I have been continued working half-time during the past academic year as part of my phased retirement, so my research, service, and teaching are somewhat curtailed; however, it has been a very productive year, and I have had significant accomplishments.
In terms of research, two co-authored pieces were published in peer-reviewed journals. One paper, “Alternative Approaches to Ensuring Adequate Nurse Staffing: A Difference-in-Difference Evaluation of State Legislation on Hospital Nurse Staffing” with Xinxin Han and Polly Pittman was published in Medical Care, a leading health policy journal. This paper, written with one of our recent PhD students and a professor in the School of Health Policy, addresses the important issue of how state nurse staffing laws affect the utilization of nurses in hospitals. The article was summarized in a press release by the publisher of Medical Care (https://www.eurekalert.org/news-releases/928071) and a review of medical news (https://www.news-medical.net/news/20210910/Study-compares-three-types-of-state-legislations-aimed-at-ensuring-adequate-nurse-staffing.aspx). The second article, written with two colleagues at the University of Wisconsin, is in a special issue of the Annals of Political and Social Science dealing with the recent experiences of the working class.
I also co-authored two chapters in important books during the past year. One chapter titled “Design of Social Security Administration Demonstration Evaluations” was in a volume commissioned by the Social Security Administration to document lessons learned from over 30 years of demonstrations testing alternative approaches to administering programs serving people with disabilities. The second chapter, titled “Recent Developments in U.S. labor policies and programs,” describes labor policies in the United States and how they have changed in recent years. The volume stems from a series of conferences sponsored by the International Labour Organization discussing important labor issues in countries around the world.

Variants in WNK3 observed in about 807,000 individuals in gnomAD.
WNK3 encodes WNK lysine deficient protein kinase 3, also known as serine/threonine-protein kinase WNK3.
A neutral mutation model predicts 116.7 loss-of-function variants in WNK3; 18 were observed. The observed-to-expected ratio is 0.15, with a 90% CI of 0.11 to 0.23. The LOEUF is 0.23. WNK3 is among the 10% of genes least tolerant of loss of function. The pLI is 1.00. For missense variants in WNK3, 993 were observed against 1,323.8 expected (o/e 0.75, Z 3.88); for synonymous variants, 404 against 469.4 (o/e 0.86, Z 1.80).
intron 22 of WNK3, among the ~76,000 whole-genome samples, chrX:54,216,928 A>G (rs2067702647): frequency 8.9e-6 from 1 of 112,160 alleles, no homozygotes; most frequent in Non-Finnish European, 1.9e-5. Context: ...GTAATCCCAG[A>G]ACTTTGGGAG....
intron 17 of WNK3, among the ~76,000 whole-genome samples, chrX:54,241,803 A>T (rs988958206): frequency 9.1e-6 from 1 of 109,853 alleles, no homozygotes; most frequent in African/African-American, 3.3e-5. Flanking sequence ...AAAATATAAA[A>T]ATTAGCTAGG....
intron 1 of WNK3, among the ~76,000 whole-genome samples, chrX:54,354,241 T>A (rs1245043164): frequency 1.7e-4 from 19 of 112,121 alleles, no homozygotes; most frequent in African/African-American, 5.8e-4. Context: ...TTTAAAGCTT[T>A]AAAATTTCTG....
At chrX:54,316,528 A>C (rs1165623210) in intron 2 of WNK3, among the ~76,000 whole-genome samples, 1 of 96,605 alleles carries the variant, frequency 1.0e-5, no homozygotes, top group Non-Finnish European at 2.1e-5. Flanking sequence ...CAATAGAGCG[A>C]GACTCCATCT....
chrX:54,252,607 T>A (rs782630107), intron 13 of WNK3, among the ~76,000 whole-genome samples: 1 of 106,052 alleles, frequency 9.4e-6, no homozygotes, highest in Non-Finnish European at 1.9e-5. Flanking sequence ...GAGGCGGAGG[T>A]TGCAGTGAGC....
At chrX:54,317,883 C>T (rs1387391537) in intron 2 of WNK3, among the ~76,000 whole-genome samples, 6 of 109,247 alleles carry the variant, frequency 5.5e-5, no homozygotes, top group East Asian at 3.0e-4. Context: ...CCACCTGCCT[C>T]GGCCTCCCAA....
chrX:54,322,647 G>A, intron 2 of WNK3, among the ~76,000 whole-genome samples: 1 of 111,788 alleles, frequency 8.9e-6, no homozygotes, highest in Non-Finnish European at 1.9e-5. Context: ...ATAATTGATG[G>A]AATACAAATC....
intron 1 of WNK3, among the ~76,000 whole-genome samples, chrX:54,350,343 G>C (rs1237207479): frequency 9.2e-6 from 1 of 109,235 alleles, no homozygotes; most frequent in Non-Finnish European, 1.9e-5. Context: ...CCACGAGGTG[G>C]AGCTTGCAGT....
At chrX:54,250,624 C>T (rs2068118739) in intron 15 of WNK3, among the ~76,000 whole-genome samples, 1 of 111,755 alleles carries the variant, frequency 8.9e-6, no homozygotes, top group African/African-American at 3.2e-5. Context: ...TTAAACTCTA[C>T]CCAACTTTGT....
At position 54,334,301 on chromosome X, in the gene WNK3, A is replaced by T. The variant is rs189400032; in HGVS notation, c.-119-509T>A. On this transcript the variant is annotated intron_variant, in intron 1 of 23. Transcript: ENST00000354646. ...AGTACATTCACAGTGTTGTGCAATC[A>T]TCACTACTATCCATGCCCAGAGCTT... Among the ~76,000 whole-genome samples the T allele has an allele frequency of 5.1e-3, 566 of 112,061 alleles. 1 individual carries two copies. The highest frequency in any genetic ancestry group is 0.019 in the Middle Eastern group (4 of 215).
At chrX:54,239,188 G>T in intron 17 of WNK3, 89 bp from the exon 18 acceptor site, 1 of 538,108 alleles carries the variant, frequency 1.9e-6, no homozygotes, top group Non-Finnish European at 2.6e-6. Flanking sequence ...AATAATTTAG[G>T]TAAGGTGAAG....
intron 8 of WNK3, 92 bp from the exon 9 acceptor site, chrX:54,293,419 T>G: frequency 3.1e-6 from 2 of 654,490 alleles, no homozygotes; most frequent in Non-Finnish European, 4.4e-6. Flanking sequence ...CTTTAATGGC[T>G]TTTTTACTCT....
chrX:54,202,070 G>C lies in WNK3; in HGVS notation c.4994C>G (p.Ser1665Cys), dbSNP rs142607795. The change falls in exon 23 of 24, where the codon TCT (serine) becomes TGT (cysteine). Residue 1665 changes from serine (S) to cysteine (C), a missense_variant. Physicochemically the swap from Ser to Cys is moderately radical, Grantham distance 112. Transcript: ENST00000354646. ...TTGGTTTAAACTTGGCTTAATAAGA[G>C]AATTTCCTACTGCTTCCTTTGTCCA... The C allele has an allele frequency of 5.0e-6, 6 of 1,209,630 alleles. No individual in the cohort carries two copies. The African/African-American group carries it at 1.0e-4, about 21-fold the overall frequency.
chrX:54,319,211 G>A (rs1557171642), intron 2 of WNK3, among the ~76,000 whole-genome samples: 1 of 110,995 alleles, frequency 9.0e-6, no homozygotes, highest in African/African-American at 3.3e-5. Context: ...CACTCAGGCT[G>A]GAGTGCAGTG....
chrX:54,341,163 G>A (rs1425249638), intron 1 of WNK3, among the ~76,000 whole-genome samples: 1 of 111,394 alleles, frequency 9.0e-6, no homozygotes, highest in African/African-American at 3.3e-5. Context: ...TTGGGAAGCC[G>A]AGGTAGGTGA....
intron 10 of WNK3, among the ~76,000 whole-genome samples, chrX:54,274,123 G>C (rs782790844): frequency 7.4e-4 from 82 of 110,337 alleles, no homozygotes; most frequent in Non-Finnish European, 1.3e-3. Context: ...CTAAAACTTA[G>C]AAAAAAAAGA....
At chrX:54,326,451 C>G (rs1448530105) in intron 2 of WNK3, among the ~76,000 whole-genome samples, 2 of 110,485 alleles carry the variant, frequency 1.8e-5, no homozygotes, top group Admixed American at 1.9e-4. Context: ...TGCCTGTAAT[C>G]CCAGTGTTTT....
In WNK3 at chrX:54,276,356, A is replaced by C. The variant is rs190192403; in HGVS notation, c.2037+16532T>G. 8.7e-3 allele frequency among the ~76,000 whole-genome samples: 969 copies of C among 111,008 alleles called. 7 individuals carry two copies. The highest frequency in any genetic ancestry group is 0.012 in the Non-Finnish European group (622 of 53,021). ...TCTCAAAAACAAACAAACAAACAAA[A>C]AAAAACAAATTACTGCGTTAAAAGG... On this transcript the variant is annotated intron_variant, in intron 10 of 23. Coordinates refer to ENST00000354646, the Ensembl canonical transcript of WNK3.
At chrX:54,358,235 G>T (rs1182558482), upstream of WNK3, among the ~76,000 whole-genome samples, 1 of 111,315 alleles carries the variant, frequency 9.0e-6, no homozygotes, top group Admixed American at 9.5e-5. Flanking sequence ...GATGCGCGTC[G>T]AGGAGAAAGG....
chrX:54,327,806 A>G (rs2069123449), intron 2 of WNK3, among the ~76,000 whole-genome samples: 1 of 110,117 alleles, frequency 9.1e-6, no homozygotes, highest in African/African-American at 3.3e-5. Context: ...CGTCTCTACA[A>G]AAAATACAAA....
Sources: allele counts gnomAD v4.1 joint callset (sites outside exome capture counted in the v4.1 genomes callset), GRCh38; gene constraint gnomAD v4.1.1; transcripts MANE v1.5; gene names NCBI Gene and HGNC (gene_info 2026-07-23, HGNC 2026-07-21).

My “research in progress” includes a paper co-authored with a faculty colleague and five Ph.D. students that has been accepted by the Journal of Policy Analysis and Management, the leading public policy journal. This paper analyzes the mixed methods approach to analysis and develops a canonical approach to high quality mixed methods analyses.
I am conducting two research projects with a former PhD student of mine who is now an associate professor of nursing at GW. The first project, where we have been negotiating for funding, involves estimating the impact of marijuana legalization on health outcomes of pregnant women and their newborns. The second project involves an extension of a paper we published last year on the impact of teams of medical providers on quality outcomes; we have obtained a new database that permits us to test hypotheses on how quality relates to the composition of teams for visits to an emergency room.
An ongoing sponsored research project involves leading the outcomes study for the evaluation of the American Apprenticeship Initiative (AAI). The U.S. Department of Labor funded the AAI in an effort to expand apprenticeship to underserved populations (e.g., women and minorities) and to expand apprenticeships in underserved industries (e.g., health care and information technology). The evaluation of AAI was awarded to Abt Associates, with GWU as a subcontractor. Because there is no available “control” group, an outcome study rather than an impact study is being conducted, and I am the lead researcher on this component of the project. We have completed the draft final report and are awaiting reviews. This project will be useful to the Department of Labor and potential apprenticeship sponsors in efforts to promote apprenticeship, a proven strategy for providing employment opportunities.